Thank you for writing. When someone has concerns such as these, it’s important to sort out whether there is a psychological problem, a medical problem, or the normal ups and downs that go with adolescence. It could be any of those or it could be a combination.
Your first stop should be with your doctor. I hope you have a physician who has known you for awhile and who you trust. Make an appointment. Share your letter to give the doctor an overview of your concerns. It could be that you are going through the normal feelings of abnormality that go with the hormone adjustments that are common for someone your age.
If the doctor feels there is a larger problem, ask for a referral to a mental health counselor to talk to. Again, bring your letter. It will help the counselor quickly understand what needs to be discussed.
One or the other professional may make recommendations for treatment. You and your parents can then decide what makes the most sense for you.
I’m very glad you have discovered the theater. The teen years can be very, very stressful. It’s important to pursue an interest that takes you away from the day to day stressors of schools, friends, and relationships. Stick with it. Stick with it both as a performer and as a stage tech. The skills you gain will be helpful to you no matter what you decide to do in life.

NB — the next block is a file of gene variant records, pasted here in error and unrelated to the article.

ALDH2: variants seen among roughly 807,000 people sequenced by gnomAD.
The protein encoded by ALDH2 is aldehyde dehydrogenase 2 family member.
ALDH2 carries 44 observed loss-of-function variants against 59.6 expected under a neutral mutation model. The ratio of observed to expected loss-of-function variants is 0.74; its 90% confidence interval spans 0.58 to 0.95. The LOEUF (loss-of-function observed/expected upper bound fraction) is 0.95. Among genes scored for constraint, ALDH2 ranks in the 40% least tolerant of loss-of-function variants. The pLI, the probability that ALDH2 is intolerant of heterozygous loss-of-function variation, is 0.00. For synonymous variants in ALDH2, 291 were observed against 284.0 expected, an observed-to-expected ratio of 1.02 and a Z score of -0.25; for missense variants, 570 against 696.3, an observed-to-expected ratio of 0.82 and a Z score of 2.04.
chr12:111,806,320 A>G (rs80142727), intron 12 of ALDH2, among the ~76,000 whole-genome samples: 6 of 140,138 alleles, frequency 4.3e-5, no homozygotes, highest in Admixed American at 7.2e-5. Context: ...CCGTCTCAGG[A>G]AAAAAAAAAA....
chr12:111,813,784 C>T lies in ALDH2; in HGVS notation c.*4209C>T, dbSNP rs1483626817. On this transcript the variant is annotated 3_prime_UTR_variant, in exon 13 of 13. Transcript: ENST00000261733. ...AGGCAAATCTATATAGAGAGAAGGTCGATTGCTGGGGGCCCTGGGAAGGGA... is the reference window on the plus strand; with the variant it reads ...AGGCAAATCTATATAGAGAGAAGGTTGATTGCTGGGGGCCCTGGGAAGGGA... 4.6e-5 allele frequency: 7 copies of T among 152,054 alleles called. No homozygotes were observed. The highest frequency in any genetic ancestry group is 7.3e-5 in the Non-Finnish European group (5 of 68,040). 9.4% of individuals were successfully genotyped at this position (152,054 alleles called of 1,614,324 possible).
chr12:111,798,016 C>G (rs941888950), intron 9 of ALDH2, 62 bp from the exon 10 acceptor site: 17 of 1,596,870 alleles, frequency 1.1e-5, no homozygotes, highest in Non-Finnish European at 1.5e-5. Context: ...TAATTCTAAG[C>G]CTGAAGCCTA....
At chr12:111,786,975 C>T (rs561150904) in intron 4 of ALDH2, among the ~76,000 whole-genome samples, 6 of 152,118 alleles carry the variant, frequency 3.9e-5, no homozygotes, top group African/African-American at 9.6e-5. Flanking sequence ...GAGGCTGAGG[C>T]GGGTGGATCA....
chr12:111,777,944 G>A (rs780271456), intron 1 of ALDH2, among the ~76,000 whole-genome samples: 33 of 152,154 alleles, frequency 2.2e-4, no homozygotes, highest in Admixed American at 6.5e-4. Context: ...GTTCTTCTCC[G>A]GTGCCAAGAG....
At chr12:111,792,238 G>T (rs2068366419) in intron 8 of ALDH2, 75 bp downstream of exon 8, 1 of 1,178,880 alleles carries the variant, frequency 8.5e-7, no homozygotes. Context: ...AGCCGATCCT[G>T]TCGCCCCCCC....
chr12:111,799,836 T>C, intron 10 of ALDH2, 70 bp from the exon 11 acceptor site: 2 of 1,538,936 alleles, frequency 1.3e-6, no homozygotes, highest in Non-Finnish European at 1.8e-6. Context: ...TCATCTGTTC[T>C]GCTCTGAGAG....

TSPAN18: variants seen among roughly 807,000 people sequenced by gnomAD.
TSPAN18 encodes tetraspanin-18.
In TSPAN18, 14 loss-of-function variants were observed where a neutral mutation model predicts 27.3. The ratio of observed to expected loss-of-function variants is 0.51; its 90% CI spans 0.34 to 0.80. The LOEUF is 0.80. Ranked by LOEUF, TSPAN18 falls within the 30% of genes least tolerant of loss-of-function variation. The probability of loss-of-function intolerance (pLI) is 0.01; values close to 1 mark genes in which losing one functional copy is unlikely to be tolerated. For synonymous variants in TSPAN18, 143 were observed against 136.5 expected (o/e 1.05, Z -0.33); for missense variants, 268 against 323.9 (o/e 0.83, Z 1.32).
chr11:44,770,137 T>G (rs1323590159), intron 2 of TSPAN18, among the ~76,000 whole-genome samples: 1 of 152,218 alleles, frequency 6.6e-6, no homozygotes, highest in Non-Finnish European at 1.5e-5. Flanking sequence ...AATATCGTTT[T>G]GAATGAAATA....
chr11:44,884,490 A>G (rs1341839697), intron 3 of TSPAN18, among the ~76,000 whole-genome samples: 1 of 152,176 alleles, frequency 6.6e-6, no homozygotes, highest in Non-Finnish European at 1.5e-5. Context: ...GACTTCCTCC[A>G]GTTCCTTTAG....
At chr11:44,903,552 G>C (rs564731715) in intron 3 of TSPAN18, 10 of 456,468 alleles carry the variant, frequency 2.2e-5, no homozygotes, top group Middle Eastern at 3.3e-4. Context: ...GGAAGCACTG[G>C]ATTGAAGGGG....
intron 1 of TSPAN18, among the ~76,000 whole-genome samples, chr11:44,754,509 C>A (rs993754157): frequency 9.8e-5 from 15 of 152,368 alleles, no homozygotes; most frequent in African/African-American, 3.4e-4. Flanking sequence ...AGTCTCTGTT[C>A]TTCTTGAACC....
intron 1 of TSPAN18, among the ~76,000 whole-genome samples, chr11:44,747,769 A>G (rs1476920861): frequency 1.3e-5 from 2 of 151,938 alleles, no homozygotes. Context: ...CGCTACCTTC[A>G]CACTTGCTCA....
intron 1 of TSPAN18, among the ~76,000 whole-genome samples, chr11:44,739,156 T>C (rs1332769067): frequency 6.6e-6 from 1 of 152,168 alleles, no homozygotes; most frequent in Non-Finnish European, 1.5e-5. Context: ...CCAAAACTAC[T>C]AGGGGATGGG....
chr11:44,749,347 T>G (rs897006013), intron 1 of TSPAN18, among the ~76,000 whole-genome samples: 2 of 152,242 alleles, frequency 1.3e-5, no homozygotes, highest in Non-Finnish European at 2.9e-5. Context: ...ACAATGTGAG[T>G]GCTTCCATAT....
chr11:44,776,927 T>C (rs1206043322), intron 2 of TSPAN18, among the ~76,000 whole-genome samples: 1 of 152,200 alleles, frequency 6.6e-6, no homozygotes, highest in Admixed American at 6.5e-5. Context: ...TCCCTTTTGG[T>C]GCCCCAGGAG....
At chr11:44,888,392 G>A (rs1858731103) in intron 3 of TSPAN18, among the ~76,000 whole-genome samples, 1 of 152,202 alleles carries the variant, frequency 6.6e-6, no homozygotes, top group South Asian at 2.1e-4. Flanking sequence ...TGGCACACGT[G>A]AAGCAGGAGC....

As for your friend: It concerns me greatly that some teens seem to like the drama of having something wrong with them. Being normal doesn’t make someone boring or ordinary or not special. What will make someone boring or ordinary is living a boring life. There are plenty of opportunities to be a volunteer in your community, to follow an interest (like theater), to get excited about a particular subject in school or to get involved in a club or sport. A high self-esteem isn’t something people are born with. It’s something you earn by doing things that make a difference to yourself and others.
I wish you well.